Financial Assurance in Superfund Settlements
Financial assurance helps ensure that responsible parties, and not public funding sources, bear the financial burden of completing Superfund cleanups.
EPA negotiates financial assurance requirements in its Superfund settlements and orders. The settlements and orders generally require potentially responsible parties (PRPs) to demonstrate adequate financial ability to complete the cleanup work that they are obligated to perform.
More specifically, the financial assurance mechanisms supplied by PRPs typically provide EPA with a source of funds that the Agency can use to ensure funding for cleanup work in the event EPA ever needs to “take over” the work under the relevant settlement or order.
Section 108(b) of Superfund authorizes EPA to require that classes of facilities maintain financial responsibility consistent with the degree and duration of risk associated with the production, transportation, treatment, storage or disposal of hazardous substances. EPA has issued two Federal Register notices identifying classes of facilities for which the Agency may develop Superfund financial assurance requirements. [More information on financial assurance regulatory notices.]
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Superfund Financial Assurance Mechanisms
Permissible Superfund financial assurance mechanisms consist of:
- Trust Funds,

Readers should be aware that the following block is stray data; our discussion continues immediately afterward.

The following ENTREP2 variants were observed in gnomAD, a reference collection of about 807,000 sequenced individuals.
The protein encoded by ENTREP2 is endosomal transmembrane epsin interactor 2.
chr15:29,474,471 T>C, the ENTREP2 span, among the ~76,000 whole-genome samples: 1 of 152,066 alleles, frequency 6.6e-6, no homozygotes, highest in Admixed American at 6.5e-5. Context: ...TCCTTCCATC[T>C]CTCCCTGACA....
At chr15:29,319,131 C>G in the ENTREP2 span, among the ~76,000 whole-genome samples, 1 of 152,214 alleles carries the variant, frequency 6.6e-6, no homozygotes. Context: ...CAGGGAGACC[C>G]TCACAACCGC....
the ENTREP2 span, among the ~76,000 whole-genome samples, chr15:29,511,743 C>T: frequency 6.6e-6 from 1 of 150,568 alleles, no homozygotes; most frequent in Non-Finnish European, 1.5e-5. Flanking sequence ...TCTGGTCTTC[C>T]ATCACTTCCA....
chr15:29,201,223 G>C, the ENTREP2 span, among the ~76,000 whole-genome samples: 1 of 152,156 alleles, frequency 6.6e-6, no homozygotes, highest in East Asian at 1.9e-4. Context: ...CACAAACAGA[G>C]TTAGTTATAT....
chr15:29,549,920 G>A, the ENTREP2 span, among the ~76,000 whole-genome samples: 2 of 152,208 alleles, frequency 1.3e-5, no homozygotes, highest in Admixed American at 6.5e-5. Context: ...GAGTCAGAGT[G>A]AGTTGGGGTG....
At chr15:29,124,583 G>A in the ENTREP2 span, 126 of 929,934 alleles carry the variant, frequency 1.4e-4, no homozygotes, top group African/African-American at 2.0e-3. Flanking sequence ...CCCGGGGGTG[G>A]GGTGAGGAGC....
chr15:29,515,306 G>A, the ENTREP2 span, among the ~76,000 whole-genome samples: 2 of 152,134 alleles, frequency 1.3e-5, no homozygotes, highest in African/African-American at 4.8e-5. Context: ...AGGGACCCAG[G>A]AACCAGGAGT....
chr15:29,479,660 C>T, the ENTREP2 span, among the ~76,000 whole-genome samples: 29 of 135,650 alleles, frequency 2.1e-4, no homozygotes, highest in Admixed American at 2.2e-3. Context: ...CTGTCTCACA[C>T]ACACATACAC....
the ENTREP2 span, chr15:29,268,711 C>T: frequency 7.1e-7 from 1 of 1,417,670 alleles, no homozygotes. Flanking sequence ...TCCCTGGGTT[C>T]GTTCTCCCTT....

- Letters of Credit,
- Surety Bonds,
- Insurance Policies,
- Corporate Financial Tests, and
- Corporate Guarantees.
Other mechanisms that may be used in specific circumstances include deposit accounts, escrow accounts, certificates of deposit, and liens against real property.
Recent EPA guidance documents are intended to improve and standardize practice in the financial assurance area. Sample financial assurance instruments and documents that Superfund PRPs can use to demonstrate financial assurance are available on the financial assurance category of the Superfund enforcement policy and guidance database.
Superfund Financial Assurance versus RCRA Financial Responsibility
EPA promulgated financial responsibility regulations for closure and post-closure of Resource Conservation and Recovery Act (RCRA) treatment, storage, and disposal facilities in 1982. Although the RCRA regulations are often used as guidelines or points of comparison, they are not binding and not always entirely relevant in the context of Superfund financial assurance.
The primary sources of guidance for Superfund financial assurance requirements are the sample instruments and documents referenced above, as well as the financial assurance (or “Performance Guarantee”) section of EPA’s "Model Consent Decree for CERCLA Remedial Design/Remedial Action" (PDF) (81pp, 534K, About PDF).
Superfund Enforcement Topics
- PRP - Potentially Responsible Party
- EPA's Terms of the Environment